The 90 or so people who decided to leave (some couldn't accept the technology change) or were laid off included not only engineers (QA and development), but also marketing, sales, and other departments.
I read somewhere that about half of the people leaving were engineers. Since engineers make up the majority of the company, it actually seems like the development teams weren't hit as hard as non-development teams.
> In addition, morale is at rock bottom, with a number of people leaving on their own. Opera as we knew it is gone.
I think some people were offered voluntary severance packages. I'm guessing that some were disappointed by the move to WebKit, and this was a golden opportunity for them to move on to something else. Those who remain, then, should be committed to the new engine (and those who remain are the vast majority, as far a I can tell).
I don't know about morale being at rock bottom. It's pretty liberating to not have to deal with those site compatibility problems (to such an extent) anymore. Morale usually increases when people get to do cool things instead of grinding on the same old compatibility problems forever. Of course, downsizings are never fun, but I've been through probably 5 or 6 of them in my years at Opera. People get over it eventually.
Is the Opera you knew gone? That depends on what the Opera you knew was. The company has been under constant change for as long as I've been here at least. With the growth of the company and the changes in the market in general, that is quite inevitable.
> In the 2010 downsizing (described by the HR VP as "rightsizing"), they at least tried to make the decisions look good internally, blaming the economic downturn. The last two rounds they didn't even bother. No explainations, just individual talks - and a wave of fear.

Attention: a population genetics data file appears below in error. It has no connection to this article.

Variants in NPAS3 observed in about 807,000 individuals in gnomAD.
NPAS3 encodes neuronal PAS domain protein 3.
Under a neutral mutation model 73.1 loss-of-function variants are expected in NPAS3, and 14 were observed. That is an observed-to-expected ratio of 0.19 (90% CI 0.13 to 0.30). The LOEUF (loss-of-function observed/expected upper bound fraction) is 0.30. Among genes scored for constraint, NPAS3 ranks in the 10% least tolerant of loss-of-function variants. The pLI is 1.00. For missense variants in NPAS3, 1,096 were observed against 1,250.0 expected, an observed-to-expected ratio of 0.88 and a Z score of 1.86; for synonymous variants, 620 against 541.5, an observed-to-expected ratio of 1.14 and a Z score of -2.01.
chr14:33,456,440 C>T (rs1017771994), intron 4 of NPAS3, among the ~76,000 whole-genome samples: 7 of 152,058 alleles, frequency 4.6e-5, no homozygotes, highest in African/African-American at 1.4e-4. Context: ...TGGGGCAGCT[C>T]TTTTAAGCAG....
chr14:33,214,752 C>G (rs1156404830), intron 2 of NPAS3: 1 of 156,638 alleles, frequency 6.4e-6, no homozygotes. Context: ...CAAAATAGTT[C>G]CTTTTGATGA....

We had a department meeting, and to their credit, they actually told the affected people right away. They didn't have to wait for days or weeks to hear the judgment, which is what happened under the previous management.
As for reasons, the change in technology is obvious. Then there's the acquisition of Skyfire which seems to be the biggest one in Opera's history. It's going to cost a lot of money, so it seems logical that the company wishes to save money where they can.
> My loyalty is to my old team and the technology - not the current mismanagement.
In a comment elsewhere you started that the switch to WebKit was the inevitable result of Opera's past missteps. Does that not mean that you are actually arguing that the change done by the current management is caused by the mistakes of the former management which you now praise? That the former "good management" actually forced the hands of the current "bad management" with its mistakes?
> Is the Opera you knew gone? That depends on what the Opera you knew was.
The Opera Software I knew and loved was a technology company filled with some of the most brilliant engineers I have ever met. Despite being a tiny company halfway across the world from where the real action happened, it managed to conjure up some amazing stuff.
The financial margins were slim, the salaries crappy, and the the roof of our derelict office building was literally leaking. But that was _fine_, as we were all in this together. Even the new guy received token stock options, owning a tiny share of something big.
The company culture was egalitarian. Decisions were not made in some ivory tower, but the CEO himself would roam the hallways, discussing with individual engineers. Even as the company passed 500 employees, we managed to retain very much of the startup culture.